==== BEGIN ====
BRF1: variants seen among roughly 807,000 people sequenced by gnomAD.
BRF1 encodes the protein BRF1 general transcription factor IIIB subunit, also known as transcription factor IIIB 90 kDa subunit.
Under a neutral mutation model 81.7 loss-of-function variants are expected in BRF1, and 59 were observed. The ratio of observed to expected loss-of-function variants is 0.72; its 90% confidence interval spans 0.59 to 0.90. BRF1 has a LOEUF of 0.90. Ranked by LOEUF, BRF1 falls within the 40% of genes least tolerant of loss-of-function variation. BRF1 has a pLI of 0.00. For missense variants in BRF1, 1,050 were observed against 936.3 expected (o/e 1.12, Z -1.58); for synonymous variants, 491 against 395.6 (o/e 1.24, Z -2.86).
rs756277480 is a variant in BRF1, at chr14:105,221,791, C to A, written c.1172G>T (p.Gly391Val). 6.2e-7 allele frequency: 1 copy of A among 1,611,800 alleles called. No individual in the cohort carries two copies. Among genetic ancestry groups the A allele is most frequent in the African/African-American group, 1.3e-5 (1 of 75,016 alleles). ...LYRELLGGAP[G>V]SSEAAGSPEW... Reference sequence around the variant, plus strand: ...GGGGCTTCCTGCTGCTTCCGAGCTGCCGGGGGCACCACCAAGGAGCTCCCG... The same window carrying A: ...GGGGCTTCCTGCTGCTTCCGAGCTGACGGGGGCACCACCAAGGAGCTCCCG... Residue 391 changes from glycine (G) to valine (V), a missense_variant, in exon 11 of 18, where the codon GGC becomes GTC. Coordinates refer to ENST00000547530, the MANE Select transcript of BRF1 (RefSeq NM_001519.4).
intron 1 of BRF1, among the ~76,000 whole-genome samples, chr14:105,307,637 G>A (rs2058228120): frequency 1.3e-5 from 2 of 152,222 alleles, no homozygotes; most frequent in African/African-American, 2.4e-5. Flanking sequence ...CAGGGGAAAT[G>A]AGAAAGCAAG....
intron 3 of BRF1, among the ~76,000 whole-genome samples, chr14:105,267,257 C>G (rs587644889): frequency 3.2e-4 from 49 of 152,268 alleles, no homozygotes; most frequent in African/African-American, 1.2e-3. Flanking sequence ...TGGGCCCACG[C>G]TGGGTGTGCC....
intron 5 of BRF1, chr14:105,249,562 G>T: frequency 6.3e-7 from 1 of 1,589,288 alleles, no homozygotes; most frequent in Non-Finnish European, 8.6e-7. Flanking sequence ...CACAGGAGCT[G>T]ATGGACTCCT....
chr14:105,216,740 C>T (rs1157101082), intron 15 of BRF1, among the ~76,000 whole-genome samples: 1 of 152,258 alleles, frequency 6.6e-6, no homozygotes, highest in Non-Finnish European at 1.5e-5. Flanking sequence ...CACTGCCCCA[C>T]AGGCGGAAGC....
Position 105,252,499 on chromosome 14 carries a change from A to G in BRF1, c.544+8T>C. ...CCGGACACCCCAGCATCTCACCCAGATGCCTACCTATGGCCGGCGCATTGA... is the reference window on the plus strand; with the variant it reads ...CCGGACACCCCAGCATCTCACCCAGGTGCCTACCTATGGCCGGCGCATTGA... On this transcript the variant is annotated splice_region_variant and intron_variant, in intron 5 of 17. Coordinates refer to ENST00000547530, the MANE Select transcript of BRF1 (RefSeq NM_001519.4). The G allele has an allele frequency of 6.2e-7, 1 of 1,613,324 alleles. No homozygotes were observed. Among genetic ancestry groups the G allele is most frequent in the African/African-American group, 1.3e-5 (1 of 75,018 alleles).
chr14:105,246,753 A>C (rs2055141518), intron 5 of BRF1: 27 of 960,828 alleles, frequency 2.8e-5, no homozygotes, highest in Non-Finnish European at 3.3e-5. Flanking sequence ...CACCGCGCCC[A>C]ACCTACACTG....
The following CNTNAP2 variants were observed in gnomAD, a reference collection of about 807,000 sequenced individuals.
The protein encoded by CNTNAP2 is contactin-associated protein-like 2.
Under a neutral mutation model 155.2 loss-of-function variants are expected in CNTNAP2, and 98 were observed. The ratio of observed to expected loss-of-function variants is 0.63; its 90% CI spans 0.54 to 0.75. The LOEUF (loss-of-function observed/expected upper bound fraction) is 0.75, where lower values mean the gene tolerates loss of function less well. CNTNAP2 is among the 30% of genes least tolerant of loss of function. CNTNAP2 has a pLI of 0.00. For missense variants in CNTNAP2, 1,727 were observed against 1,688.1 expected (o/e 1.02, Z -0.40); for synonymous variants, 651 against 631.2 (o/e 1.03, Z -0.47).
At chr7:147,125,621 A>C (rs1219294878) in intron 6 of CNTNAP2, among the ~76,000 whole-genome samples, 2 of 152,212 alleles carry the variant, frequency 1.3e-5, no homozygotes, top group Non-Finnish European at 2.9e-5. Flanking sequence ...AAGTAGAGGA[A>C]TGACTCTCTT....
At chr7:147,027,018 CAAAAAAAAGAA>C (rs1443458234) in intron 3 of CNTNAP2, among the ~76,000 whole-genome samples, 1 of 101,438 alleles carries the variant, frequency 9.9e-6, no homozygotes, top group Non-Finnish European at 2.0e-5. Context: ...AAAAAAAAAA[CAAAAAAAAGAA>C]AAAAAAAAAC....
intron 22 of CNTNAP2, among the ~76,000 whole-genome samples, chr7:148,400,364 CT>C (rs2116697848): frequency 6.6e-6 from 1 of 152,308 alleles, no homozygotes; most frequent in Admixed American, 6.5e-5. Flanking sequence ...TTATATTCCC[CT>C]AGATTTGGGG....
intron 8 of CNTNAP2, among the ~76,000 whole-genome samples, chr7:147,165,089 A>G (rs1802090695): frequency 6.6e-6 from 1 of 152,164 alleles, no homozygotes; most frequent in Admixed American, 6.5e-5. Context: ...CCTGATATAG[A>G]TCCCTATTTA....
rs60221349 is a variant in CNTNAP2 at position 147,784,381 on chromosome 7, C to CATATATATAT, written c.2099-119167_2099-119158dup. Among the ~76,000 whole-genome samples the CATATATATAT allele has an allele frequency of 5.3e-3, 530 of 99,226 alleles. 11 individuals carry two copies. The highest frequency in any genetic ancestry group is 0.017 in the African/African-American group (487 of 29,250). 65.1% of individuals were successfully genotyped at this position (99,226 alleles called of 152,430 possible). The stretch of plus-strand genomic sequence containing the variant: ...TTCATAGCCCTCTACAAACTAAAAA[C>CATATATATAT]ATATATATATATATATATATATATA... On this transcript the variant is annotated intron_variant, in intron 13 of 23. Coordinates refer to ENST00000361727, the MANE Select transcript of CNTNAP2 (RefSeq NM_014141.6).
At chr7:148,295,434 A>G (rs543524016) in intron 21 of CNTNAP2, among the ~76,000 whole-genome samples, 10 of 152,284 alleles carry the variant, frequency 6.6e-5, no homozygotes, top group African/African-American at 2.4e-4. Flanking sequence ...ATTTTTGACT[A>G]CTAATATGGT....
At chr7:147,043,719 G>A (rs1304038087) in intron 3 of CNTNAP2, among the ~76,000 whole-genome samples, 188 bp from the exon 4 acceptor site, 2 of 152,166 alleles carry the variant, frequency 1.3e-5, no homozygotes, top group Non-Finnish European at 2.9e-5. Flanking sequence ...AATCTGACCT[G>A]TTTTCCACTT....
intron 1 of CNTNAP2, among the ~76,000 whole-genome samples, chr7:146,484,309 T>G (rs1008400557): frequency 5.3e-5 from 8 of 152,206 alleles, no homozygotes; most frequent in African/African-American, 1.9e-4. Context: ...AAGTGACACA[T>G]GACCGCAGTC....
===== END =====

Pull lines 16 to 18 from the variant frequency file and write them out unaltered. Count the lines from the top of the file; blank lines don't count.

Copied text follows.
intron 22 of CNTNAP2, among the ~76,000 whole-genome samples, chr7:148,400,364 CT>C (rs2116697848): frequency 6.6e-6 from 1 of 152,308 alleles, no homozygotes; most frequent in Admixed American, 6.5e-5. Flanking sequence ...TTATATTCCC[CT>C]AGATTTGGGG....
intron 8 of CNTNAP2, among the ~76,000 whole-genome samples, chr7:147,165,089 A>G (rs1802090695): frequency 6.6e-6 from 1 of 152,164 alleles, no homozygotes; most frequent in Admixed American, 6.5e-5. Context: ...CCTGATATAG[A>G]TCCCTATTTA....
rs60221349 is a variant in CNTNAP2 at position 147,784,381 on chromosome 7, C to CATATATATAT, written c.2099-119167_2099-119158dup. Among the ~76,000 whole-genome samples the CATATATATAT allele has an allele frequency of 5.3e-3, 530 of 99,226 alleles. 11 individuals carry two copies. The highest frequency in any genetic ancestry group is 0.017 in the African/African-American group (487 of 29,250). 65.1% of individuals were successfully genotyped at this position (99,226 alleles called of 152,430 possible). The stretch of plus-strand genomic sequence containing the variant: ...TTCATAGCCCTCTACAAACTAAAAA[C>CATATATATAT]ATATATATATATATATATATATATA... On this transcript the variant is annotated intron_variant, in intron 13 of 23. Coordinates refer to ENST00000361727, the MANE Select transcript of CNTNAP2 (RefSeq NM_014141.6).